Will Apple sweeten or sour sentiment with profit guidance after its Q1s on Tuesday?

“Investors in Apple – and technology stocks more generally – will be looking toward the company’s first-quarter results on Tuesday night for some reassurance after the profit warning on 3 January and the important numbers will not be those for Q1 but any guidance from boss Tim Cook about the second quarter and beyond,” says Russ Mould, AJ Bell Investment Director.

“Judging by subsequent price action, investors have concluded Apple’s first-quarter stumble was just a blip. The Californian giant’s shares have rallied 11% from their lows to get back to where they started the year, while the Philadelphia Semiconductor Index, or SOX, which features many of Apple’s major component suppliers, is up 11% for 2019 to date and stands at a three-month high.

“Using the mid-point of the revised guidance provided by Tim Cook on 3 January, Apple is expected to record an earnings per share figure of $4.16 for its fiscal first quarter.

“That still represents year-on-year growth of some 7%, despite the 10% downgrades implied by the trading alert, but all of that increase comes from a drop in the tax charge and a lower share count following the company’s massive share buyback scheme.

$ million Actual Guidance in November New Guidance
Q1 2017-18 Q1 2018-19 Q1 2018-19
Sales 88,293 91,000* 84,000
Gross profit 33,912 34,808* 31,920
Gross margin 38.40% 38.25% 38.00%
Operating costs -7,638 -8,750 -8,700
Operating profit 26,274 26,058 23,220
Operating margin 29.80% 28.60% 27.60%
Financial income 821 300 550
Tax -6,965 -4,349 -3,922
Tax charge 25.80% 16.50% 16.50%
Net income 20,065 22,009 19,848
Earnings per share $3.89 $4.61 $4.16

Source: Apple accounts. *Based on mid-point of prior guidance.

“Sales and operating profit – the best signs of the company’s ultimate health – are both expected to be down year-on-year, the first such declines in two years since the drops suffered in Apple’s fiscal first quarter for 2017 (Q4 2016 on a calendar basis).

Chart

Source: Apple accounts. Fiscal year to September

“But this is largely discounted and the shares have even shrugged it off. What really matters now is the guidance provided by Mr Cook and his team for the second quarter and then the rest of Apple’s fiscal year.

“Consensus forecasts are looking for a second-quarter sales figure of $59.7 billion, a 2.4% year-on-year drop and earnings per share of $2.73, flat year-on-year, helped by the lower share count that has resulted from Apple’s monster share buyback programme, which came to $72.7 billion last year alone.

Q1 2017-18 Q2 Q3 Q4 Q1 2018-19E Q2 E
Sales ($bn) 88.3 61.1 53.3 62.9 84 59.7
EPS ($) 3.89 2.73 2.34 2.91 4.16 2.73
Year-on-year change 
Sales 12.70% 15.60% 17.30% 19.60% -4.90% -2.40%
EPS 15.80% 30.00% 40.10% 40.80% 7.00% 0.00%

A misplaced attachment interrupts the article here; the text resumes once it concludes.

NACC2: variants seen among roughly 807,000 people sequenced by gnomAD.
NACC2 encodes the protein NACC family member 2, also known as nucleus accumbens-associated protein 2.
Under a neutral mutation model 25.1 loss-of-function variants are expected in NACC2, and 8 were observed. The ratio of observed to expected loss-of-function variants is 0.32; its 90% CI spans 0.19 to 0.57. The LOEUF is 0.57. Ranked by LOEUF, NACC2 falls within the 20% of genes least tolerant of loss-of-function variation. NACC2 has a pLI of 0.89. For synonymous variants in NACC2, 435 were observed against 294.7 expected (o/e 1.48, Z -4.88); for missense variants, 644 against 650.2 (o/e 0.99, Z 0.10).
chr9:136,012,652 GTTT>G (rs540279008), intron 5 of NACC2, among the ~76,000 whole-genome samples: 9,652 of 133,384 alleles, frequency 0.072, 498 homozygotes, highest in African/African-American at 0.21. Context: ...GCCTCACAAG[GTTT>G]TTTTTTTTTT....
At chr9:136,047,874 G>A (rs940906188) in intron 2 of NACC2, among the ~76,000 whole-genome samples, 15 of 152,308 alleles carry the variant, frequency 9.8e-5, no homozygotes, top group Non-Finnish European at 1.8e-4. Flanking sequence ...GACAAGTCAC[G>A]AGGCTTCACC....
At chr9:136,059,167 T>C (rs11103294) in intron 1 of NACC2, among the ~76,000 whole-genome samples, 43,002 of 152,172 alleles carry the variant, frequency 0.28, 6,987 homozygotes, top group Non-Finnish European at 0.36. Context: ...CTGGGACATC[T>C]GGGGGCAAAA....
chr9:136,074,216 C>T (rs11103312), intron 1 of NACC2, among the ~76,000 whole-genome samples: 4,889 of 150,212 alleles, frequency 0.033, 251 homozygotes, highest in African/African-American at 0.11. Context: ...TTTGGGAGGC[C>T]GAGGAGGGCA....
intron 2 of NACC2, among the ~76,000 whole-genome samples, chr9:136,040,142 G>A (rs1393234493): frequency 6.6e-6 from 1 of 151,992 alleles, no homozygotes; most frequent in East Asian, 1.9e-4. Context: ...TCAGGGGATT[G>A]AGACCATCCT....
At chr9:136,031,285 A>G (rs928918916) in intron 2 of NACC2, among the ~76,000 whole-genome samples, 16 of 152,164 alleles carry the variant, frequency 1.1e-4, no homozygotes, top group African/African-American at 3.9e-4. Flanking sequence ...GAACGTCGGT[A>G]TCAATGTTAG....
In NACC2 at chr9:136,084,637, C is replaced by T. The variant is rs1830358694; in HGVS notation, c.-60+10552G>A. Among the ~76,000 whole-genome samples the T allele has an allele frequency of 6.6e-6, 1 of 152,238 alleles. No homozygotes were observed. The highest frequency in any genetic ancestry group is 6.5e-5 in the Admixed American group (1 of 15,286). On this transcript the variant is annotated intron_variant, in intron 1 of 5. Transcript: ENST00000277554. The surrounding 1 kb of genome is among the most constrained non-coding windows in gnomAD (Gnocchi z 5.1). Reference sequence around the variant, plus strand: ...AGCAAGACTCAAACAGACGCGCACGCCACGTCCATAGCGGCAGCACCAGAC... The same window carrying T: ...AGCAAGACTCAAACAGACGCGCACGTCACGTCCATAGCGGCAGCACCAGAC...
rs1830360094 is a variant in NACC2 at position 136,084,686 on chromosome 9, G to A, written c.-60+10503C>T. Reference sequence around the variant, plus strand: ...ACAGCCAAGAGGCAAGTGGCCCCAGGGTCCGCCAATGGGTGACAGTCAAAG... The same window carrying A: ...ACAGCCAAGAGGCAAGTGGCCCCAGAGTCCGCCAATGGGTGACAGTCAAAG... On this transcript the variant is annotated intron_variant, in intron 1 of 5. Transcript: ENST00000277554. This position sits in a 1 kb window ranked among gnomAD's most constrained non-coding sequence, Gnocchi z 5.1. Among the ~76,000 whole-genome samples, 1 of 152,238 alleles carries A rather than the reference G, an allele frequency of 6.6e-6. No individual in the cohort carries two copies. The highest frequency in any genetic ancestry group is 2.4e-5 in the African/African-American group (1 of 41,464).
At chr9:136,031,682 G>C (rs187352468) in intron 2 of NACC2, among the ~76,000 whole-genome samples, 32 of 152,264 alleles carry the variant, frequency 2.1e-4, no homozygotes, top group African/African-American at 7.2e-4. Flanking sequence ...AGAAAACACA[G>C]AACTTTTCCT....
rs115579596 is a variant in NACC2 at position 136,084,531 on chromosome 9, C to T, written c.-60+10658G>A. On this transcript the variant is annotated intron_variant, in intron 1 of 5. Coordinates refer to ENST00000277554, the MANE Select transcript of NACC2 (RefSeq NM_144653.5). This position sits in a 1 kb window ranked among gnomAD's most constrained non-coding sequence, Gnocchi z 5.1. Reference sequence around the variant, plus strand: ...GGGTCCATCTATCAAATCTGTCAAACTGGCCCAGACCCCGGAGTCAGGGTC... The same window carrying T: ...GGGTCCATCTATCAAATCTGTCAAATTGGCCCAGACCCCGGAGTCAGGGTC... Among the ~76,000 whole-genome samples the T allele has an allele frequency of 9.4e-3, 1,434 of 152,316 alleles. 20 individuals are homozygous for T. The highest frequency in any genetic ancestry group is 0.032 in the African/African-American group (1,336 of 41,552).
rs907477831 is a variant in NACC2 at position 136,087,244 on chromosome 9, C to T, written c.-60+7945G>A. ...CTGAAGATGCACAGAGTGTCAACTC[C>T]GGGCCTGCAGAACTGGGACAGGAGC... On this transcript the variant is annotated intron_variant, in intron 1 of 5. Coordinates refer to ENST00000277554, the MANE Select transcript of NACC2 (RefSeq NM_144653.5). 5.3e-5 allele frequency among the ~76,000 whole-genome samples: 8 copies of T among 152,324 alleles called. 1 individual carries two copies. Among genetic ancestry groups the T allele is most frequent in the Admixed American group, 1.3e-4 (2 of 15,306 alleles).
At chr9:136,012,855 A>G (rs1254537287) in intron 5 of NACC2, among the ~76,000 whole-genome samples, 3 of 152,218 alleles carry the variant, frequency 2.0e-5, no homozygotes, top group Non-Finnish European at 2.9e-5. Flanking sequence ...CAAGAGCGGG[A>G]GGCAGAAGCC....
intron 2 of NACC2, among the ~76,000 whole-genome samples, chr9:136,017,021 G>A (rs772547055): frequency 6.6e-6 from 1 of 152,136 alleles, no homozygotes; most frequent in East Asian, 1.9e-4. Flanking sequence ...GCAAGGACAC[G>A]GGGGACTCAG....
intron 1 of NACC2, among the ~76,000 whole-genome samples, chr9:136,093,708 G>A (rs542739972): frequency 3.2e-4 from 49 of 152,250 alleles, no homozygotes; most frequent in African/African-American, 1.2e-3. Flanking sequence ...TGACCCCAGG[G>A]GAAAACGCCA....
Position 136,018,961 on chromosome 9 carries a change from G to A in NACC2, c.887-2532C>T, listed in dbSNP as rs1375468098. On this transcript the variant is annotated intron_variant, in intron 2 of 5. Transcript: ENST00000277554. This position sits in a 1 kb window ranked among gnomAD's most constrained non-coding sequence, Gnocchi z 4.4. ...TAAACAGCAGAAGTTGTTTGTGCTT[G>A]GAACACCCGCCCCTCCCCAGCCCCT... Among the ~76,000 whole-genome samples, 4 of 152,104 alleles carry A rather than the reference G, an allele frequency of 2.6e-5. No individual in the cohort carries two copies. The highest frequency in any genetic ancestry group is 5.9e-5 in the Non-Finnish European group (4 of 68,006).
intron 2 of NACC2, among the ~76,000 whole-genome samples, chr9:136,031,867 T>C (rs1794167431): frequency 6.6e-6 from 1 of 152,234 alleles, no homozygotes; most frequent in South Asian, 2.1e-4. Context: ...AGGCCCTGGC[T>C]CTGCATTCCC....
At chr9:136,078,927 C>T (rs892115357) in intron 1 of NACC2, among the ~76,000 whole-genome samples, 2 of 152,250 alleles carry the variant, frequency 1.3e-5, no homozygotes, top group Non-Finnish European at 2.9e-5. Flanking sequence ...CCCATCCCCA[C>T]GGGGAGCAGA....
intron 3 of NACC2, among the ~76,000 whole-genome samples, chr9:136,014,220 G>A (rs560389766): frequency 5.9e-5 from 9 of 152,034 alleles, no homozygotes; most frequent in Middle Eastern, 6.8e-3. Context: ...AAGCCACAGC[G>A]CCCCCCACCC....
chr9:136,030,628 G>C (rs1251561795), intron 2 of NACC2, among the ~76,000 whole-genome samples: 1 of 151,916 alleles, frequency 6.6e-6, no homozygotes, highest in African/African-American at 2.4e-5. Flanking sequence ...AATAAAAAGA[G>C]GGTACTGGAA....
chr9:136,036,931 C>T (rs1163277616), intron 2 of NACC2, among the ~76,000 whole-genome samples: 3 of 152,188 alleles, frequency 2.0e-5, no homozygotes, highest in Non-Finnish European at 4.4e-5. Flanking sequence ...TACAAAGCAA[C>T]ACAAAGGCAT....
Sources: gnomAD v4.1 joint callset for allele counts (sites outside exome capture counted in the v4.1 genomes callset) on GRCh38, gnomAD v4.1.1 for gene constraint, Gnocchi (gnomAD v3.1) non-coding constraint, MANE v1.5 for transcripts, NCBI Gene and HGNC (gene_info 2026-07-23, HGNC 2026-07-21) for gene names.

Source: Apple accounts, consensus forecasts from NASDAQ and Zacks. Fiscal year to September

“The forecasts imply a 29% drop in sales from Q1 to Q2 and a 34% drop in earnings per share. This may sound dramatic but neither number looks that unusual given the seasonality of earnings showed across the last five years and the importance of the end-of-year Christmas selling season.

Quarter-on-quarter change from Q1 (Oct-Dec) to Q2 (Jan-Mar) 
2013-14 2014-15 2015-16 2016-17 2017-18 5yr avg 2018-19E
Sales -20.70% -22.20% -33.40% -32.50% -30.80% -27.90% -29.00%
EPS -19.90% -23.90% -42.10% -37.50% -29.80% -30.60% -34.40%

Source: Apple accounts, consensus forecasts from NASDAQ and Zacks. Fiscal year to September

“As such, analysts currently seem content to assume that the Q1 was just a blip in smartphone sales, rather than a warning of saturation, market share loss and margin pressure in that market, with services and app sales taking up any slack. Investors seem to be buying that theory too, given how Apple’s shares are bouncing back, even if recent commentary from the supply chain, via companies such as Taiwan Semiconductor Manufacturing Company and France’s ST Microelectronics, on the face of it reads less positively than that. TSMC, for example, showed inventory of finished silicon chips and parts rising far faster than sales in its fourth quarter, which is usually not a good sign and one that suggests demand in end-markets is proving softer than expected.

“Despite such mixed news flow, analysts are expecting Apple to get back on the growth track in its next financial year, with 3% growth in sales and 15% in earnings for the 12 months to September 2020.

2015-16 2016-17 2017-18 2018-19E 2019-20E
Sales ($bn) 215.6 229.2 265.6 259.1 266.1
EPS ($) 8.27 9.2 11.87 11.88 13.61
Year-on-year change 
Sales -7.70% 6.30% 15.90% -2.50% 2.70%
EPS -10.10% 11.20% 29.10% 0.00% 14.60%

Source: Apple accounts, consensus forecasts from NASDAQ and Zacks. Fiscal year to September

“If those forecasts prove accurate it is easy to see why Apple’s shares are going higher.

“At $157, those estimates put the shares on 11.5 forward earnings for fiscal 2019-2020 with a dividend yield of some 2% and a balance sheet that still has $123 billion of net cash, compared to its $750 billion market cap.

“That degree of solidity and Apple’s robust cash flow could appeal to value seekers, given the relatively lowly valuation, which represents a clear discount to the wider US market on an earnings basis. According to research from Standard & Poor’s, the S&P 500 benchmark index trades on 15.5 earnings for 2019.”

These articles are for information purposes only and are not a personal recommendation or advice.